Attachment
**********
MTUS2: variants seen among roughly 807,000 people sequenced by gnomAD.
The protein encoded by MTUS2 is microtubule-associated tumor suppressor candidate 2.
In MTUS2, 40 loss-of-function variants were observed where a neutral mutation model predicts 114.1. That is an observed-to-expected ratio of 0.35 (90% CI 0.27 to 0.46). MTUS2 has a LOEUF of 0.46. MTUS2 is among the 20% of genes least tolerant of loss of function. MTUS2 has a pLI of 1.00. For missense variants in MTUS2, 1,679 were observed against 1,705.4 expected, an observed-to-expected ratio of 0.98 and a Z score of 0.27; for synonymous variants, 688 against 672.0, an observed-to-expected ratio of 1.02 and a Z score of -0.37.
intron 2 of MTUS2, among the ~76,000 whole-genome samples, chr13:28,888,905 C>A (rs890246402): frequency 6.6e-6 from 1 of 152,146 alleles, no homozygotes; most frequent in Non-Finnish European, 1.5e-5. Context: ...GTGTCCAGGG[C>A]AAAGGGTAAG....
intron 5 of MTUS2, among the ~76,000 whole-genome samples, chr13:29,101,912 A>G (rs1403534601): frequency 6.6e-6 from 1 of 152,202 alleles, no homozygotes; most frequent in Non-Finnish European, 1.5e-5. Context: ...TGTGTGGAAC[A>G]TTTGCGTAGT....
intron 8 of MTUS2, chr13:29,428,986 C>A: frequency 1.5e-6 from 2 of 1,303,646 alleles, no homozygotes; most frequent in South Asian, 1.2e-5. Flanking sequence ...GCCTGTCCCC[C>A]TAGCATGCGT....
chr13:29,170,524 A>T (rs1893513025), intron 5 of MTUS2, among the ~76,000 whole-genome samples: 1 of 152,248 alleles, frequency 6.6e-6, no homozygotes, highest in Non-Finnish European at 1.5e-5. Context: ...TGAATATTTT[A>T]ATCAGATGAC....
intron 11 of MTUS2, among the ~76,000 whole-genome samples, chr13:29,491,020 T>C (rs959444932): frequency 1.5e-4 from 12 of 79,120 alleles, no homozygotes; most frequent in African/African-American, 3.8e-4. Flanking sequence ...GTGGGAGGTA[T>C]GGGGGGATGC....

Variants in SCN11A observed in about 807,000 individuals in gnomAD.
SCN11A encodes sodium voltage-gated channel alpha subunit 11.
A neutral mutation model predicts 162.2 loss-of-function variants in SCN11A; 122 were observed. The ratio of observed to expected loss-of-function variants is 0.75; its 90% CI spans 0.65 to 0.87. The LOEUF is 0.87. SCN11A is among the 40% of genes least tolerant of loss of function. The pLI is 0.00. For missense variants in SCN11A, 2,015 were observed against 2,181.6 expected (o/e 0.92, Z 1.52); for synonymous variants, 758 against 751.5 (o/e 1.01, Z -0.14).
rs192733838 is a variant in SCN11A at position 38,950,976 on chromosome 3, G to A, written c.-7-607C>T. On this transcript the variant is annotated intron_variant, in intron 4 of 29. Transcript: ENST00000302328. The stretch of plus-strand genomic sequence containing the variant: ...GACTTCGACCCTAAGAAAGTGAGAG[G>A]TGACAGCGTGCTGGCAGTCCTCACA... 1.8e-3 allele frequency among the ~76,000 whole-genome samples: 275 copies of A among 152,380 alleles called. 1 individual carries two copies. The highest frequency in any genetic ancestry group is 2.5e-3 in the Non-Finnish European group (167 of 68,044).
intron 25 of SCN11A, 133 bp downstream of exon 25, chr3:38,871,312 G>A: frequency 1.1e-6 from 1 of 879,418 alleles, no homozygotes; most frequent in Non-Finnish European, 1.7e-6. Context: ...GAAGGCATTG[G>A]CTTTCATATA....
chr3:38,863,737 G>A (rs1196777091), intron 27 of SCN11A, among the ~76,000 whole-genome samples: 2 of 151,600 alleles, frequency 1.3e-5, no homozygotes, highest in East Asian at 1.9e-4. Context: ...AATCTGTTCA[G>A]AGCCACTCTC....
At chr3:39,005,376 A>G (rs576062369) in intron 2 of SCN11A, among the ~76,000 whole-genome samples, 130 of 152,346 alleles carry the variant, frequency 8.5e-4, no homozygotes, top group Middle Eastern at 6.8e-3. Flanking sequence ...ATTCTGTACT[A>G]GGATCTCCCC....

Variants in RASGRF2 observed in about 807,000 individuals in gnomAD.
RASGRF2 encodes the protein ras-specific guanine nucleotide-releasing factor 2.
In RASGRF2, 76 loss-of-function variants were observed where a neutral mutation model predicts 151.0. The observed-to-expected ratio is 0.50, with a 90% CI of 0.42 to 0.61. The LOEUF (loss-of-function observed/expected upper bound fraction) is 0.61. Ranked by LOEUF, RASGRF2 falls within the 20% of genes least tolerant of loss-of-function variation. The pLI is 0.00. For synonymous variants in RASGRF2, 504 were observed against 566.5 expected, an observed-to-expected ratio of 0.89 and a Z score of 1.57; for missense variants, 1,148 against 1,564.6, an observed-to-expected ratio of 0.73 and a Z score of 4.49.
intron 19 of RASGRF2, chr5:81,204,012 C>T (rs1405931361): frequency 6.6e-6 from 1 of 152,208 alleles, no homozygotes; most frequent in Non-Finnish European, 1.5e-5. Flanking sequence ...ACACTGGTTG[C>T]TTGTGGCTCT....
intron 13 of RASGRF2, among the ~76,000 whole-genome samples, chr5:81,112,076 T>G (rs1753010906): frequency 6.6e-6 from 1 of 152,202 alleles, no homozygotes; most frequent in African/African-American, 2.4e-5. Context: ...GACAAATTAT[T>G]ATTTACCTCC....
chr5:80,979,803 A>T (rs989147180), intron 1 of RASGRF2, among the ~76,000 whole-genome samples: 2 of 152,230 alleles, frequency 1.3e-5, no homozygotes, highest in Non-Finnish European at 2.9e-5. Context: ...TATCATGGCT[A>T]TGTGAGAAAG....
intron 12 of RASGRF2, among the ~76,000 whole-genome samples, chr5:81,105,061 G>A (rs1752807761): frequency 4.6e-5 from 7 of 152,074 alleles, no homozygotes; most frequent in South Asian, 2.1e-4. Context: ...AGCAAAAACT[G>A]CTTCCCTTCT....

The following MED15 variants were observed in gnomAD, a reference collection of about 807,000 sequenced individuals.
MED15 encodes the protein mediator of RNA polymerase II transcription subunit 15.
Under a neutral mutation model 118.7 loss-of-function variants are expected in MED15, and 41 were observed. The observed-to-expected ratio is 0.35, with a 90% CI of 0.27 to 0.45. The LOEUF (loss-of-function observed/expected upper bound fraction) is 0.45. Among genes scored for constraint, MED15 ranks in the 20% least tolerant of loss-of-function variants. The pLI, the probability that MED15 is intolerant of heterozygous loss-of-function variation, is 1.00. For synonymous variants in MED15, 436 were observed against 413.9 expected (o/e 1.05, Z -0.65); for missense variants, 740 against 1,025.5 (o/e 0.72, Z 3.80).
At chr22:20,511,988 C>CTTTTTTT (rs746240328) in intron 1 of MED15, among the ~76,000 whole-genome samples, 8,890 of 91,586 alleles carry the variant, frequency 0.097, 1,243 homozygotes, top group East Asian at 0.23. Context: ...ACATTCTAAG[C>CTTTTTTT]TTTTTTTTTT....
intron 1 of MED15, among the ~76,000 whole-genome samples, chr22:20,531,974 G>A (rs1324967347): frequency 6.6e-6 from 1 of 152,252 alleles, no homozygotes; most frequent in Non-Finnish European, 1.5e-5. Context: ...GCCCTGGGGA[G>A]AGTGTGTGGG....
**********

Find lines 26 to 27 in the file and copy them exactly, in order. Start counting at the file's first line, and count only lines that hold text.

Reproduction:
At chr22:20,511,988 C>CTTTTTTT (rs746240328) in intron 1 of MED15, among the ~76,000 whole-genome samples, 8,890 of 91,586 alleles carry the variant, frequency 0.097, 1,243 homozygotes, top group East Asian at 0.23. Context: ...ACATTCTAAG[C>CTTTTTTT]TTTTTTTTTT....
intron 1 of MED15, among the ~76,000 whole-genome samples, chr22:20,531,974 G>A (rs1324967347): frequency 6.6e-6 from 1 of 152,252 alleles, no homozygotes; most frequent in Non-Finnish European, 1.5e-5. Context: ...GCCCTGGGGA[G>A]AGTGTGTGGG....